Philip K. Dick built his career during the 1950s writing science fiction classics that are still in publication today. At the time, unfortunately, science fiction was even more firmly mired in the literary ghetto than it is today. Between 1950 and 1960, Dick wrote ten "mainstream" novels, none of which was published during his lifetime1. In 1960, Harcourt Brace rejected The Man Whose Teeth Were All Exactly Alike, even though they had commissioned it. Dick went back to science fiction, writing The Man in the High Castle next.

There is nothing like the death of a great author to make a publisher sit up and take notice -- after Dick's death in 1982, publishing houses went searching for his unknown novels and grocery lists. In 1984, Dick's children allowed Teeth to be published by Marc V. Ziesing (ISBN 0-9612970-5-0) and later in the UK by Paladin Books.

The novel centers around two neighbors in Carquinez, a fictional2 Marin County town similar to Point Reyes Station, where Dick was living when he wrote the novel. Carquinez is a sleepy little town with a long history: The original town of Carquinez was a fishing village on the Pacific Coast, but when a new town with the same name was built on the other side of the Coast Range, the original Carquinez dwindled away to a few rotting shacks inhabited by atavistic diehards.

The postwar building boom began to attract development from nearby San Francisco. Realtor Leo Runcible saw big possibilites for Carquinez after buying a summer home there, and set up a realty office. Runcible's wife Janet assisted him for awhile, but quit suddenly and has since slipped into a fog of alcoholism. Runcible has a good business, selling homes to the newcomers moving up from San Francisco. But it's difficult get good land from the old-timers; they do business with the semi-retired realtor across town. Is it because he's Jewish? Runcible has certainly never been admitted to the Carquinez Dads' and Boys' Donkey Baseball club, but of course he's never applied.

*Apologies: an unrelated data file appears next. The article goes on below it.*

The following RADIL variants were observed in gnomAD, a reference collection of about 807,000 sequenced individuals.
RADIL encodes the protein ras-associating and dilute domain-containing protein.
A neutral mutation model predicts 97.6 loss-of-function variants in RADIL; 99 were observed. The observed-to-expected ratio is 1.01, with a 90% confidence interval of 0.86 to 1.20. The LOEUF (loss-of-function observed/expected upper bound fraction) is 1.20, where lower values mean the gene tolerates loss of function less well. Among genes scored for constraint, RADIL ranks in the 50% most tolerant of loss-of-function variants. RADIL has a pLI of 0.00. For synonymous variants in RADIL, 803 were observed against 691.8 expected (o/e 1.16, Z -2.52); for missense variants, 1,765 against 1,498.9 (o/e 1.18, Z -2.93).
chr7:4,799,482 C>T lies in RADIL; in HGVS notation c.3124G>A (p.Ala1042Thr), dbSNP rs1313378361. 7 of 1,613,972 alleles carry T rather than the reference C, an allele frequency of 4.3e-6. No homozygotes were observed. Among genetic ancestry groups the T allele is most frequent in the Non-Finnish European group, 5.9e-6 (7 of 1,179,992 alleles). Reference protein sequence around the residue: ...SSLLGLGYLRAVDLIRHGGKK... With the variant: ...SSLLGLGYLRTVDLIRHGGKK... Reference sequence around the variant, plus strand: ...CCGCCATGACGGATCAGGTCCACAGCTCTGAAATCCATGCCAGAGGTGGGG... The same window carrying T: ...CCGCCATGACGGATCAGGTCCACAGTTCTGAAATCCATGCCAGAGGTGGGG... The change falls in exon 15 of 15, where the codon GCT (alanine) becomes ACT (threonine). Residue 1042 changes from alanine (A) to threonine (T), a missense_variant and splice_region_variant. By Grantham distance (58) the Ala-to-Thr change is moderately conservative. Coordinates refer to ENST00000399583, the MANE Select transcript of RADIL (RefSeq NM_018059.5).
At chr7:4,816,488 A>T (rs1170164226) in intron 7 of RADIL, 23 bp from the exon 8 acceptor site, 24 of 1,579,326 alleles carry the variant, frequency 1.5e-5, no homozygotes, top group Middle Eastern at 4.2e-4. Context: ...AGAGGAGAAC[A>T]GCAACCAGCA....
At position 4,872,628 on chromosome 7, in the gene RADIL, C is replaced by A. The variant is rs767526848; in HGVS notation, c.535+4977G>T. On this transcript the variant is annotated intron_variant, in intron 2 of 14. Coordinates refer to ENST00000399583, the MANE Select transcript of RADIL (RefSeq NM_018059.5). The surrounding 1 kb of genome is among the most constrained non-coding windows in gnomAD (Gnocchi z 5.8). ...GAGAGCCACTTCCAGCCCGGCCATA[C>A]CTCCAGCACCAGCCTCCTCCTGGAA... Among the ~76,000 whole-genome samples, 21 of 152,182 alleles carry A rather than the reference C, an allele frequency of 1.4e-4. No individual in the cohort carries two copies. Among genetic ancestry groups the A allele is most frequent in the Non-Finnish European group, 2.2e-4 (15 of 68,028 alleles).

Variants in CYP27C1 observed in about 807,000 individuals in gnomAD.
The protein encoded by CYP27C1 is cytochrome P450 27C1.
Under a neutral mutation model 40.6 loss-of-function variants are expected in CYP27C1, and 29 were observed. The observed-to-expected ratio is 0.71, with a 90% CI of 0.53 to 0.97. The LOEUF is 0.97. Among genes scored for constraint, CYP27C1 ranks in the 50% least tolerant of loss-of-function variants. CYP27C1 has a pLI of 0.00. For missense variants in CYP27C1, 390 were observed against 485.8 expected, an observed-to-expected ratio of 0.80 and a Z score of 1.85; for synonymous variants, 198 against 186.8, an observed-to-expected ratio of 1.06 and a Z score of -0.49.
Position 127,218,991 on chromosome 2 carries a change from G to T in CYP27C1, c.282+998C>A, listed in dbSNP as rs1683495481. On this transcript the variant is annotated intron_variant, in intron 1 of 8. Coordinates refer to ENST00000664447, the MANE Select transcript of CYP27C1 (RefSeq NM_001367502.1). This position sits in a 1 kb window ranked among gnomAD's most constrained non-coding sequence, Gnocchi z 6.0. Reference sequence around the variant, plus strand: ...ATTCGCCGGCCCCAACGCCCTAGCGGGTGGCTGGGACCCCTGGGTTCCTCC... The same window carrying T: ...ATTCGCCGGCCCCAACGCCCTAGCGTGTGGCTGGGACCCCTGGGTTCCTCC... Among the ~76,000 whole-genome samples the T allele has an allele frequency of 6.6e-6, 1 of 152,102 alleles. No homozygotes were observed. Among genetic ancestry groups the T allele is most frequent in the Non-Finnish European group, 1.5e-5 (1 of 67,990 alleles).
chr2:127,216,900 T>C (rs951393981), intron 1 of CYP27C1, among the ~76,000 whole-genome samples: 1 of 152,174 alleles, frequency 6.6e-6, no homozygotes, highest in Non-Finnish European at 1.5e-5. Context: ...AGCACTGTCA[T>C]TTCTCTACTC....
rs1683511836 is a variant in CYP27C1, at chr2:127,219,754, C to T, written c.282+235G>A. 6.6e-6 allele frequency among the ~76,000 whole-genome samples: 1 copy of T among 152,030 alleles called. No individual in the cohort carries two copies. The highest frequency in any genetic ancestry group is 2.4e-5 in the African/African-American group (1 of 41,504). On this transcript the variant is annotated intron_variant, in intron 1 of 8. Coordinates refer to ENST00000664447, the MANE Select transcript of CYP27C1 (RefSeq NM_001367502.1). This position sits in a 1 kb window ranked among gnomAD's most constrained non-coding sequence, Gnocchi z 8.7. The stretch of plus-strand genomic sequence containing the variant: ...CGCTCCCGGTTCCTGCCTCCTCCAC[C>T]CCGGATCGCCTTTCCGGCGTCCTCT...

Runcible's next-door neighbor Walt Dombrosio drives his Alfa Romeo back and forth to his job in San Francisco. Walt is a talented designer, in Norm Lausch's product design/advertising firm. He makes a good salary, but not enough to match the lifestyle his wife Sherry enjoyed while growing up back East. Sherry doesn't complain; she's more unhappy sitting around the house all day with little to do.

One day Walt Dombrosio invites his mechanic to come up from San Francisco for dinner. Runcible has a conniption when he sees a black man as Dombrosio's guest, fearing that it might lower property values. A heated argument with Dombrosio yields nothing. This probably contributes to Runcible's willingness to call the police when an intoxicated Dombrosio runs his car off the road shortly thereafter. Dombrosio's license is suspended, forcing Sherry to drive him to work and back. Sherry considers the ability to gallivant around San Francisco far better than being stuck into the house all day. But her decision to find a job at Lausch's firm doesn't sit well with Walt, leading to an argument that costs him his job. With Sherry now the breadwinner, it's not Walt's turn to sit around the house. One day, an intoxicated Janet Runcible tells Walt that Leo dropped the dime on him.

Soon thereafter, Leo Runcible and a local schoolteacher dig up a skull that appears to be Neanderthal. Considered impossible for the West Coast of North America, it would still be an astounding anthropologcal find if authenticated. Runcible sees this as a golden opportunity for bringing development to Carquinez, and since the skull was found on his property, it's also an opportunity for personal fame.

The Man Whose Teeth Were All Exactly Alike can be considered something of a period piece, but is still interesting and challenging to read. It lays bare the social ills of the late 1950's, most of which persist to this day. Dombrosio and Runcible each feel their own positions in society's power structure being undermined, causing them to build their persecution complexes into mammoth edifices which drive the plot.

Dick considered Teeth to be the best of all his unpublished novels. Although it's a "mainstream" novel, it's decidedly "Dickian". Well-researched and grounded in the man's genius, the novel has his quintessential reality shifts, complex, delusional characters, and philosophical dialogue. Teeth has enough mental nutrition to make it worth acquiring through interlibrary loan, which is probably the only way you're going to be able to find it.


1Michael Bishop explores Dick's literary frustrations in the "what if?" novel The Secret Ascension (later published as Philip K. Dick is Dead, Alas), another novel you should read if you can.

2Do not confuse this with the Carquinez Strait connecting the Sacramento River with San Francisco Bay, or the Carquinez Bridge carrying I-80 over the strait.

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